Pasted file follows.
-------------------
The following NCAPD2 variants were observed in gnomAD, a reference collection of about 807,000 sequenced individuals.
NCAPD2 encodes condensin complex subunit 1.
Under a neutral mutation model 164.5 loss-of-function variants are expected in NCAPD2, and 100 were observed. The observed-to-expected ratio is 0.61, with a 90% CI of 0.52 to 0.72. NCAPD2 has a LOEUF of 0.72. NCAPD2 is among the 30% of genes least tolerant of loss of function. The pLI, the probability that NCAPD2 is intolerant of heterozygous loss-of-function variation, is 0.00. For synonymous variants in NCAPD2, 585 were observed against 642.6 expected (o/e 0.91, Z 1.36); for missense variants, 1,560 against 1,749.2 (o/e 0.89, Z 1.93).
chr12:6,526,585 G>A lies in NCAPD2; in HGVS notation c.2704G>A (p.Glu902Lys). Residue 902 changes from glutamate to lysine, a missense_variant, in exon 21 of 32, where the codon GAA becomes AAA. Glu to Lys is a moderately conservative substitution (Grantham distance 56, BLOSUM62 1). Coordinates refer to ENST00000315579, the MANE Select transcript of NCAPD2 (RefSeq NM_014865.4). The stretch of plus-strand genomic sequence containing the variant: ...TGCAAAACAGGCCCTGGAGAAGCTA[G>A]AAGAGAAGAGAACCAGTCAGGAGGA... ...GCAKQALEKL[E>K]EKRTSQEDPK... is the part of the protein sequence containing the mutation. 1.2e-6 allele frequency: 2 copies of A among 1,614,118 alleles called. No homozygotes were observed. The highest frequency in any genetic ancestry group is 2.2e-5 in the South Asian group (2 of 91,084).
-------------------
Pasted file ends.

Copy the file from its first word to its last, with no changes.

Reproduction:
The following NCAPD2 variants were observed in gnomAD, a reference collection of about 807,000 sequenced individuals.
NCAPD2 encodes condensin complex subunit 1.
Under a neutral mutation model 164.5 loss-of-function variants are expected in NCAPD2, and 100 were observed. The observed-to-expected ratio is 0.61, with a 90% CI of 0.52 to 0.72. NCAPD2 has a LOEUF of 0.72. NCAPD2 is among the 30% of genes least tolerant of loss of function. The pLI, the probability that NCAPD2 is intolerant of heterozygous loss-of-function variation, is 0.00. For synonymous variants in NCAPD2, 585 were observed against 642.6 expected (o/e 0.91, Z 1.36); for missense variants, 1,560 against 1,749.2 (o/e 0.89, Z 1.93).
chr12:6,526,585 G>A lies in NCAPD2; in HGVS notation c.2704G>A (p.Glu902Lys). Residue 902 changes from glutamate to lysine, a missense_variant, in exon 21 of 32, where the codon GAA becomes AAA. Glu to Lys is a moderately conservative substitution (Grantham distance 56, BLOSUM62 1). Coordinates refer to ENST00000315579, the MANE Select transcript of NCAPD2 (RefSeq NM_014865.4). The stretch of plus-strand genomic sequence containing the variant: ...TGCAAAACAGGCCCTGGAGAAGCTA[G>A]AAGAGAAGAGAACCAGTCAGGAGGA... ...GCAKQALEKL[E>K]EKRTSQEDPK... is the part of the protein sequence containing the mutation. 1.2e-6 allele frequency: 2 copies of A among 1,614,118 alleles called. No homozygotes were observed. The highest frequency in any genetic ancestry group is 2.2e-5 in the South Asian group (2 of 91,084).